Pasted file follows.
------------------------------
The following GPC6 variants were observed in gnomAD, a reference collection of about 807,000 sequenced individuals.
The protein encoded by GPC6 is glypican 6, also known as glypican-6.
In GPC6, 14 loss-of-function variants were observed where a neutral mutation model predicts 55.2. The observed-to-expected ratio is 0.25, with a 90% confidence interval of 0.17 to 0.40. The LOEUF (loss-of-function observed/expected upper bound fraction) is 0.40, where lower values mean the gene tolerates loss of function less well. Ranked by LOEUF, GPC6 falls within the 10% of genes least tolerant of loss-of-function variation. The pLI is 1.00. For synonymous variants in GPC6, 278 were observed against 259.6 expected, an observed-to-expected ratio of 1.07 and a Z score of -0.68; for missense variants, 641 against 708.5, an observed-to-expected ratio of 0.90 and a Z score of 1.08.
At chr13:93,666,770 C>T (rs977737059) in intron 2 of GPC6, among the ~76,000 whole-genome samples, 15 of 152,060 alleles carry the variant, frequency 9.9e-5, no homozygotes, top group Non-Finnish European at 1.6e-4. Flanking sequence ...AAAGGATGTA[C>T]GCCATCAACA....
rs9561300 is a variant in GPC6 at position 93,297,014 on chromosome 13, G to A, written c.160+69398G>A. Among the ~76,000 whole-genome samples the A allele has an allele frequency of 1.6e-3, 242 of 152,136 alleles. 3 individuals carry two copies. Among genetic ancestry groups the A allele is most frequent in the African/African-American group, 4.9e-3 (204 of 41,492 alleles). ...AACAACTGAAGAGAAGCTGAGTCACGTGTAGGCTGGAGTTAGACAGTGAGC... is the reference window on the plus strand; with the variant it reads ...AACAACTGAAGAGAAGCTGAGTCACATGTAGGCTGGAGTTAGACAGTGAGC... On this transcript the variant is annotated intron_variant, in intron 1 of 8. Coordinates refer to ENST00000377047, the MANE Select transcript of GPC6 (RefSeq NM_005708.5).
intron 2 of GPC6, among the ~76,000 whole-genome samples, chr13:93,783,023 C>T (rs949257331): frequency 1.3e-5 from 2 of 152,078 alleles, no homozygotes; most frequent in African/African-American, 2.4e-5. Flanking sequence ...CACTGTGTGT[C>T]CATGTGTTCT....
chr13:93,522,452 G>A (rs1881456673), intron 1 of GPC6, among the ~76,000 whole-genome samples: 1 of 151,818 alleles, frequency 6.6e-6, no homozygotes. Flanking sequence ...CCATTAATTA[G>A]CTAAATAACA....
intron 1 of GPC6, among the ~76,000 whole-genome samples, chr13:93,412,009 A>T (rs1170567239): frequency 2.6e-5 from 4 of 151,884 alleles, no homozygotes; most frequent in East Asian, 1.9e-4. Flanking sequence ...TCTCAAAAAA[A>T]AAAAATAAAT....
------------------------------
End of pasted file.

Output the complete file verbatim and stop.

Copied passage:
The following GPC6 variants were observed in gnomAD, a reference collection of about 807,000 sequenced individuals.
The protein encoded by GPC6 is glypican 6, also known as glypican-6.
In GPC6, 14 loss-of-function variants were observed where a neutral mutation model predicts 55.2. The observed-to-expected ratio is 0.25, with a 90% confidence interval of 0.17 to 0.40. The LOEUF (loss-of-function observed/expected upper bound fraction) is 0.40, where lower values mean the gene tolerates loss of function less well. Ranked by LOEUF, GPC6 falls within the 10% of genes least tolerant of loss-of-function variation. The pLI is 1.00. For synonymous variants in GPC6, 278 were observed against 259.6 expected, an observed-to-expected ratio of 1.07 and a Z score of -0.68; for missense variants, 641 against 708.5, an observed-to-expected ratio of 0.90 and a Z score of 1.08.
At chr13:93,666,770 C>T (rs977737059) in intron 2 of GPC6, among the ~76,000 whole-genome samples, 15 of 152,060 alleles carry the variant, frequency 9.9e-5, no homozygotes, top group Non-Finnish European at 1.6e-4. Flanking sequence ...AAAGGATGTA[C>T]GCCATCAACA....
rs9561300 is a variant in GPC6 at position 93,297,014 on chromosome 13, G to A, written c.160+69398G>A. Among the ~76,000 whole-genome samples the A allele has an allele frequency of 1.6e-3, 242 of 152,136 alleles. 3 individuals carry two copies. Among genetic ancestry groups the A allele is most frequent in the African/African-American group, 4.9e-3 (204 of 41,492 alleles). ...AACAACTGAAGAGAAGCTGAGTCACGTGTAGGCTGGAGTTAGACAGTGAGC... is the reference window on the plus strand; with the variant it reads ...AACAACTGAAGAGAAGCTGAGTCACATGTAGGCTGGAGTTAGACAGTGAGC... On this transcript the variant is annotated intron_variant, in intron 1 of 8. Coordinates refer to ENST00000377047, the MANE Select transcript of GPC6 (RefSeq NM_005708.5).
intron 2 of GPC6, among the ~76,000 whole-genome samples, chr13:93,783,023 C>T (rs949257331): frequency 1.3e-5 from 2 of 152,078 alleles, no homozygotes; most frequent in African/African-American, 2.4e-5. Flanking sequence ...CACTGTGTGT[C>T]CATGTGTTCT....
chr13:93,522,452 G>A (rs1881456673), intron 1 of GPC6, among the ~76,000 whole-genome samples: 1 of 151,818 alleles, frequency 6.6e-6, no homozygotes. Flanking sequence ...CCATTAATTA[G>A]CTAAATAACA....
intron 1 of GPC6, among the ~76,000 whole-genome samples, chr13:93,412,009 A>T (rs1170567239): frequency 2.6e-5 from 4 of 151,884 alleles, no homozygotes; most frequent in East Asian, 1.9e-4. Flanking sequence ...TCTCAAAAAA[A>T]AAAAATAAAT....